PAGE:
Any criminal charge involving children will often result in high stress and amplified emotion. A charge of child endangerment is no exception. Child endangerment is an extremely serious charge in Ohio, and penalties can be severe. Thus, in most cases, it is absolutely necessary to work with an experienced criminal defense attorney who can help defend you against one of the most difficult charges you can face. If you are facing a child endangerment charge in or near Dayton, OH, consider consulting with an attorney today to discuss your case and determine how best to move forward. Ohio Child Endangerment Laws: An Overview Ohio defines child endangerment in Ohio Revised Code § 2929.22. Under this statute, it is a violation to “create a substantial risk to the health or safety of the child, by violating a duty of care, protection, or support.” Additionally, a “child,” for purposes of Ohio child endangerment laws, includes anyone under the age of 18, or a mentally or physically handicapped person who is under the age of 21. This definition of child endangerment is broad. However, the Ohio Revised Code does provide some additional definition. Specifically, the following will constitute child endangerment in Ohio: Abuse of the child; Torture or cruel abuse of the child; Prolonged corporal punishment or other physical disciplinary measures that are “excessive under the circumstances”; Repeated disciplinary measures that, if continued, would seriously impair the child’s mental health or development; and Enticing, coercing, or permitting a child to participate in any act that is obscene or sexual in nature. While this list is not exclusive, it is important to understand the types of activities that may constitute child endangerment in Ohio. It is also important to note that under this section, parents are not the only parties that can be found guilty of child endangerment. Under Ohio law, any of the following can be charged with child endangerment: Parents, Guardians, Custodians, Persons having custody or control of a child, or Persons in loco parentis of a child. For clarity, “in loco parentis” means any adult who is the caretaker of a child. This includes relatives, foster parents, or stepparents who have the rights, duties, and responsibilities of a parent. Penalties for Child Endangerment in Ohio Placing a child’s life at risk is a serious offense. Thus, the penalties for child endangerment charges in Ohio are severe. A first offense for child endangerment will result in a first-degree misdemeanor. Consequences for such a conviction include up to 6 months in jail and a fine of up to $1,000. However, if this is not your first conviction, the penalties can be even more severe. Depending on whether you have prior offenses and whether the child sustained severe injuries, a conviction for child endangerment can be elevated as high as a second-degree felony. Under Ohio law, a felony of the second degree can result in up to 8 years in prison and a fine of up to $15,000. Contact a Criminal Defense Attorney Today A charge for child endangerment has the potential to impact your rights as a caretaker for a child. Additionally, a charge can impact your reputation and lead to harsh criminal penalties. We understand how difficult it can feel to face a charge of child endangerment in Ohio. However, know that you are not alone. At Gounaris Abboud, LPA, we are prepared to help you through this difficult time and will strive to provide you with the best defense the law can provide. Our team of criminal defense lawyers has over 50 years of collective experience providing high-quality legal counsel to clients in need. Contact us online or by phone at 937-222-1515 for a free consultation to see how we can help you.Read More
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Menacing by stalking in Ohio can be a serious charge that can change your life. If the State charges you under Ohio stalking laws, you may not know what to do. However, know that there are ways to defend yourself against such a charge. Contact an experienced Ohio criminal defense attorney today to discuss your case and see what steps you can take. Overview of Ohio Stalking Laws Under Ohio Revised Code § 2903.211, no person may knowingly take any action that would cause another person to believe that the offender will cause physical harm or emotional distress to that person or a member of their family. This will constitute “menacing by stalking” under Ohio law. Take note, however, that the act of menacing by stalking extends beyond physical action or in-person communications. In fact, written and electronic communications used to cause another person to believe they are in danger of physical harm or emotional distress may also constitute stalking. Penalties for Menacing by Stalking in Ohio In general, a violation of Ohio menacing by stalking law will result in a first-degree misdemeanor. This can result in jail time of up to 180 days and a fine of up to $1,000. However, this penalty can be increased in certain situations. For example, penalties will be enhanced if any of the following applies: The accused has a prior conviction for menacing by stalking; The accused made a threat of physical harm to or against the victim; In committing the act of menacing by stalking, the accused trespassed on property where the victim lives, works, or attends school; The victim is a minor; or The accused has a history of violence toward the victim. In any of these situations, a violation will result in a fourth-degree felony charge. Further, a felony in the fourth degree in Ohio is punishable by up to 18 months in prison and up to $5,000 in fines. A felony can be damaging to your rights and reputation moving forward. In fact, a felony conviction can impact your credit or result in loss of the right to vote or hold office. A felony conviction can even result in the revocation of certain professional licenses. Thus, it is imperative that you contact an attorney who can advocate and fight on your behalf. An experienced attorney can work with you to reduce and defend against your charges or have them expunged. Contact Our Team Today If you are facing a criminal charge in or near Dayton, Ohio, for menacing by stalking, act now. Contact our team today to discuss your rights and defenses under the law. The criminal defense attorneys at Gounaris Abboud, LPA, have over 50 years of collective experience providing high-quality legal counsel to our clients. We are ready and willing to take on even the most challenging legal cases in Dayton and throughout Ohio. Contact us online or by phone at 937-222-1515 for a consultation and see what we can do for you.Read More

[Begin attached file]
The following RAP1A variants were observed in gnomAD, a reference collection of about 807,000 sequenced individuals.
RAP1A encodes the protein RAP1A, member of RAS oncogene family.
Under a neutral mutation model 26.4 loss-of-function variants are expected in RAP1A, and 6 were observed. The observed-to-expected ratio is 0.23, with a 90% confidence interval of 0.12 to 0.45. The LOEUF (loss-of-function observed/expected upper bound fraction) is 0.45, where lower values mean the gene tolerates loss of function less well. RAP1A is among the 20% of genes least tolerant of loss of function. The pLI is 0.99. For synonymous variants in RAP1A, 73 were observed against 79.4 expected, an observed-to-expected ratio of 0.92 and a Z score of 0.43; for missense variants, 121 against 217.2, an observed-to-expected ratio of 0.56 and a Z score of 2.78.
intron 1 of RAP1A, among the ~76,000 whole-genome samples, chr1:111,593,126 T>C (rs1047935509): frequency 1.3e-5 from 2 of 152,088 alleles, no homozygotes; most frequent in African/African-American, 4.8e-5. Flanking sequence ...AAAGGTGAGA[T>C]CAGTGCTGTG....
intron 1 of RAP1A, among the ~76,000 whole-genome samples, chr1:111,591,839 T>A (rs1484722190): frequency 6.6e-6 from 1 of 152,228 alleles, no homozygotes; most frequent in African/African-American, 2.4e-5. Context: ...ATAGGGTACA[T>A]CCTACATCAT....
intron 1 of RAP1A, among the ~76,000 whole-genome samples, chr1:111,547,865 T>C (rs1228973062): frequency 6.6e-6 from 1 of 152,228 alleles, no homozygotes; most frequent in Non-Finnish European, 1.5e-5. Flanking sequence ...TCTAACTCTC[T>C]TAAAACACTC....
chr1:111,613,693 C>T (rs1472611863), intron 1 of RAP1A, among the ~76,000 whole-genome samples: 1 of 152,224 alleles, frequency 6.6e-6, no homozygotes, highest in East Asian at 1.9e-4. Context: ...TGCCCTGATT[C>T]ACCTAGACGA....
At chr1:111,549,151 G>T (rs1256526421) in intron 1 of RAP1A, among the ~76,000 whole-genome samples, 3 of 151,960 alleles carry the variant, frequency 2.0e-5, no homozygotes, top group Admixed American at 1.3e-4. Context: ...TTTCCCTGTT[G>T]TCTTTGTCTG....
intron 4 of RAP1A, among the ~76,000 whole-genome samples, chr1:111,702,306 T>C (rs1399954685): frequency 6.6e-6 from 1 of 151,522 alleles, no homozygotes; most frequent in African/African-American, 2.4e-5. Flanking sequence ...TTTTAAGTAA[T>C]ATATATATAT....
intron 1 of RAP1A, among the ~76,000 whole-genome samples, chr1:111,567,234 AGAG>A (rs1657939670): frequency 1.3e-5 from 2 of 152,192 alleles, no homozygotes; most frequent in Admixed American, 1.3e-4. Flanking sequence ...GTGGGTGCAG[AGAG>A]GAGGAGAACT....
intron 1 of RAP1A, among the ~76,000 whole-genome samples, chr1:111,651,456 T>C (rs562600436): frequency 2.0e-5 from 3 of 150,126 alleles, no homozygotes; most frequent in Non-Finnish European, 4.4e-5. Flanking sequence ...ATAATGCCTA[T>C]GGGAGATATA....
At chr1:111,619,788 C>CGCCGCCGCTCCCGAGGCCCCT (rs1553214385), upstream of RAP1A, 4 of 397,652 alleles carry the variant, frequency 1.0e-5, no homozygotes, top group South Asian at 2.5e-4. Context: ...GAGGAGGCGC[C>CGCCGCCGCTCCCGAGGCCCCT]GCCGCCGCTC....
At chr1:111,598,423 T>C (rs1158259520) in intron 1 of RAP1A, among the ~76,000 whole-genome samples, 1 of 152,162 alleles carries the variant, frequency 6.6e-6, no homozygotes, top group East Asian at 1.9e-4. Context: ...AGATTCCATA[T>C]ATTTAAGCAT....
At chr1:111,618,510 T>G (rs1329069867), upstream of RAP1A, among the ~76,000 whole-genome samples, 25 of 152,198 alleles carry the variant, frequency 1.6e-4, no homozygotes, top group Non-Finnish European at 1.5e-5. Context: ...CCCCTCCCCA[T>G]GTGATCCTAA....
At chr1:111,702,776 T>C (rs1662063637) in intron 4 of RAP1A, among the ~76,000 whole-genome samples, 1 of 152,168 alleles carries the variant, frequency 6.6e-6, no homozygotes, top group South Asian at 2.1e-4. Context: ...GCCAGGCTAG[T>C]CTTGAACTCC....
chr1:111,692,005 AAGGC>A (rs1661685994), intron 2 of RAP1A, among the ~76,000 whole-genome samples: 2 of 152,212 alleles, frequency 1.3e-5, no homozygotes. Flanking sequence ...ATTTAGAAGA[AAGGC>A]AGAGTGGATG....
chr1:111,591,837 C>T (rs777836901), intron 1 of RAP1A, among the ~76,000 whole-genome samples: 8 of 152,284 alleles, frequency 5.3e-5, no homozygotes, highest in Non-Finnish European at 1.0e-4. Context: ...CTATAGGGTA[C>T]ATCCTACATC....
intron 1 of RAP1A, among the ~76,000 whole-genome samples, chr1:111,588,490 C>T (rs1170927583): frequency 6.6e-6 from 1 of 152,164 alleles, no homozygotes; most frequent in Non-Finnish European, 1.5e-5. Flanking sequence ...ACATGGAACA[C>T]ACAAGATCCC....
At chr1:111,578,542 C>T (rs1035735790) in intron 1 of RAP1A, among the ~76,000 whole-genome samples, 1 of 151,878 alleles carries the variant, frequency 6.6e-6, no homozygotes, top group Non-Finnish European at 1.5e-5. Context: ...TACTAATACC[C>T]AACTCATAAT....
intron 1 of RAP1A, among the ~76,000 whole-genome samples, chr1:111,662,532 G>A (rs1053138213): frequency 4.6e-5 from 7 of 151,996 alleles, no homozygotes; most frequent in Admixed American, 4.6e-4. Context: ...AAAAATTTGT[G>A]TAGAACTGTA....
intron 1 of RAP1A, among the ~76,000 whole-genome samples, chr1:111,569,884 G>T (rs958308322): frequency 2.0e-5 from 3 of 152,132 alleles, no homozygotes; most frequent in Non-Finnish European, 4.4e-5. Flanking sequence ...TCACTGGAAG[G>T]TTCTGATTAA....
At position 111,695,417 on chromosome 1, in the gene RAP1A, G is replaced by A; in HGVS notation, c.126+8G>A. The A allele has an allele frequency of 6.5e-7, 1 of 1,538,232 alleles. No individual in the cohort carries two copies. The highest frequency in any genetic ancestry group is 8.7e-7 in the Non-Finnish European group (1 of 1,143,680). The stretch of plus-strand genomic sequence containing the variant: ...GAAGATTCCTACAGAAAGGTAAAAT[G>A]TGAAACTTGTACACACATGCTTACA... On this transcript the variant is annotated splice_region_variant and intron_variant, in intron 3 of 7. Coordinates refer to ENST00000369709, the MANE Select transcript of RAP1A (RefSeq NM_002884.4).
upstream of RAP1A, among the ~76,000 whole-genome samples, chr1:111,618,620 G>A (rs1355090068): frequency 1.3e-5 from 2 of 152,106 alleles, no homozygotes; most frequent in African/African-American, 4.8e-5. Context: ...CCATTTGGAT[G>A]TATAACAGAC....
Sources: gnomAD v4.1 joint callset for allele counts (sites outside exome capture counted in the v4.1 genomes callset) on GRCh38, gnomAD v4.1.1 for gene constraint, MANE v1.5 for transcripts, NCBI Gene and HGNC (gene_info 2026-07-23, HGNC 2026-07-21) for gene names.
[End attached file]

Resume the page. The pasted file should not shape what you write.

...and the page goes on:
The Second Amendment to the United States Constitution grants people the right to bear arms. However, this right is not absolute. The State of Ohio reduces this Second Amendment right for convicted felons. If you are a convicted felon, it is imperative to know how Ohio gun laws for felons might impact you. Failure to strictly follow Ohio felon gun laws can lead to severe penalties. Thus, it is crucial that you reach out to an experienced criminal law attorney to discuss your rights under the law. Understanding Ohio Gun Laws for Felons A convicted felon in Ohio who is caught with a gun can face potential fines and even jail time. Further, this can be the case even if the gun is not necessarily working or on your body. Accordingly, it is extremely important to understand the law in this area. Failure to understand the law can lead to additional charges, making matters worse. Ohio Felon Gun Laws: An Overview Under Ohio Revised Code § 2923.13, a person may not “knowingly acquire, have, carry, or use any firearm or dangerous ordnance,” if the person is: A fugitive; Under indictment or convicted of any felony of violence; Under indictment or convicted of illegal possession, use, or sale of drugs; Drug dependent, in danger of drug dependence, or a chronic alcoholic; or Deemed mentally incompetent. Thus, even if you are not a convicted felon, these laws may still apply to you. For the purposes of this section, Ohio law defines a “firearm” as “any deadly weapon capable of expelling or propelling one or more projectiles by the action of an explosive or combustible propellant.” Notably, a firearm will also include an unloaded firearm or one that is inoperable but that can “readily be rendered operable.” Additionally, a “dangerous ordnance” includes: Automatic or sawed-off firearms, Zip-guns, Ballistic knives, Any explosive or incendiary devices, Firearm mufflers or suppressors, and Any firearm, ammunition, rocket launcher, mortar, artillery piece, or similar weapon designed and manufactured for military purposes. As you can see, many objects can lead to a violation of Ohio felon gun laws. If you have been charged with possession of a firearm by a convicted felon in Ohio, contact an experienced attorney today to discuss your rights and remedies under the law. Penalties for Violating Ohio Gun Laws for Felons Violating Ohio Revised Code § 2923.12 will result in a third-degree felony charge. A conviction on such a charge can result in a prison term of up to 36 months. In addition to prison time, a violation of Ohio gun laws for felons can result in fines of up to $10,000. Convicted felons can face grave consequences if they are charged with possession of a firearm. However, this does not mean that there is nothing you can do. Depending on your situation, you may have valid defenses that can potentially lead to a reduction or dismissal of your charge. Contact Our Team Today If you have been convicted of a felony in Ohio and are now being charged with possession of a firearm, we want to help. At Gounaris Abboud, LPA, we have extensive experience providing high-quality legal counsel to clients in need. With more than 50 collective years in practice, we know what it takes to successfully defend criminal defendants in the most difficult times of their lives. Contact us today online or by phone at 937-222-1515 to see how we can help you.Read More